The thing I liked best about the first Zone of the Enders was the cool overworld map, representing a space colony orbiting Jupiter - from which you could descend to more specific arenas full of enemies to be confronted or avoided. The 2nd Runner opts, instead, for a linear progression of levels, some of which allow exploration, but many of which are frantic set pieces.
In every other respect, however, this is a vast improvement on the original: the gameplay requires strategy; the different weapons are all useful in their own ways; the characters are more interesting (even the slightly annoying main character of the first game reappears as a more mature ally); the settings are more varied – and so are the challenges.
In the first game I often wasn’t sure exactly why I failed or succeeded. In The 2nd Runner, it was almost always clear that I failed because I sucked at whatever I was supposed to be doing – whether that was being ganged up on by mooks, learning the rapidly changing attacks of a boss, negotiating a minefield, shooting down giant spaceships or escorting a character who makes Ashley Graham seem like Liberty Prime – and I succeeded by practicing, paying attention and experimenting with different strategies.
In summary, this was probably the most fun I had swearing at my TV so far this year.
Fortunately, the cut scenes are brief and usually more interested in giving us close-ups of the spaceships that’ll be exploding than providing insights into the inner lives of the characters. The story serves its purpose in terms of justifying why our nimble starfighter should be blowing up red ships and not blue ones, and that is what we will spend by far most of our time doing.
Speaking of time, let’s get this out of the way: each part of every stage has an arbitrary time limit, rarely justified and frequently contradicted. Failing the mission because you didn't shoot down that last lousy fighter in time is pretty frustrating - especially when all that would have happened had you succeeded is the timer would have reset and a bunch more enemies would have spawned. Together with the emphasis on escort missions, it’s often hard to believe your failure is your own fault.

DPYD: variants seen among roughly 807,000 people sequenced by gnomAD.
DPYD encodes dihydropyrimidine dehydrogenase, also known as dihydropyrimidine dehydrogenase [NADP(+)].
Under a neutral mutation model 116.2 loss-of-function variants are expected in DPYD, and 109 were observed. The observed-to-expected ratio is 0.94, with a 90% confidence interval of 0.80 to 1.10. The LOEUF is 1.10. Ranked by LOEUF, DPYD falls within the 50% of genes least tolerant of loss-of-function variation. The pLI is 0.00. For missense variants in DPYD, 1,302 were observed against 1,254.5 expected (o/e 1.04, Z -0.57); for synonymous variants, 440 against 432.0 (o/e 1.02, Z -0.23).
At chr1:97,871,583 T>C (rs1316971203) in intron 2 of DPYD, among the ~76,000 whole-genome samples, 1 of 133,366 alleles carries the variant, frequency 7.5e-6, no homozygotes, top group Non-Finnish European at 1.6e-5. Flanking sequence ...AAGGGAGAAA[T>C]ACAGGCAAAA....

But the battles you get to participate in - dominate, really, with your prototype fighter locking onto dozens of enemies at a time and taking out capital ships with a single torpedo - are massive, colourful and exciting. Swarms of fighters leave spiralling vapour trails between massive spaceships that blast out colourful laser beams and arcing missiles. And you rocket through the whole mess blowing things up left, right and centre. Project Sylpheed looks like the battles I imagined I was taking part in when I played Wing Commander, way back in the day.
The sheer cool factor inspired me to rise to the challenge of these tightly timed escort missions, learning to prioritise targets and dispatch them quickly. And, well, I had fun. I got a real sense of achievement from completing these uncompromising missions, earning points to spend on customising my fighter with huge and even more explodey weapons. And when I did finally reach that last ham-fisted cut scene, I couldn't help but view it with some strange fondness.
Project Sylpheed may be a quirky game with a number of significant flaws, but as the space sim genre is on the cusp of a Kickstarter-funded renaissance, it’s also a solid example of what a modern spaceship game can look like.
Disclaimer: I played the game on normal difficulty, with no DLC weapons and without skipping any missions.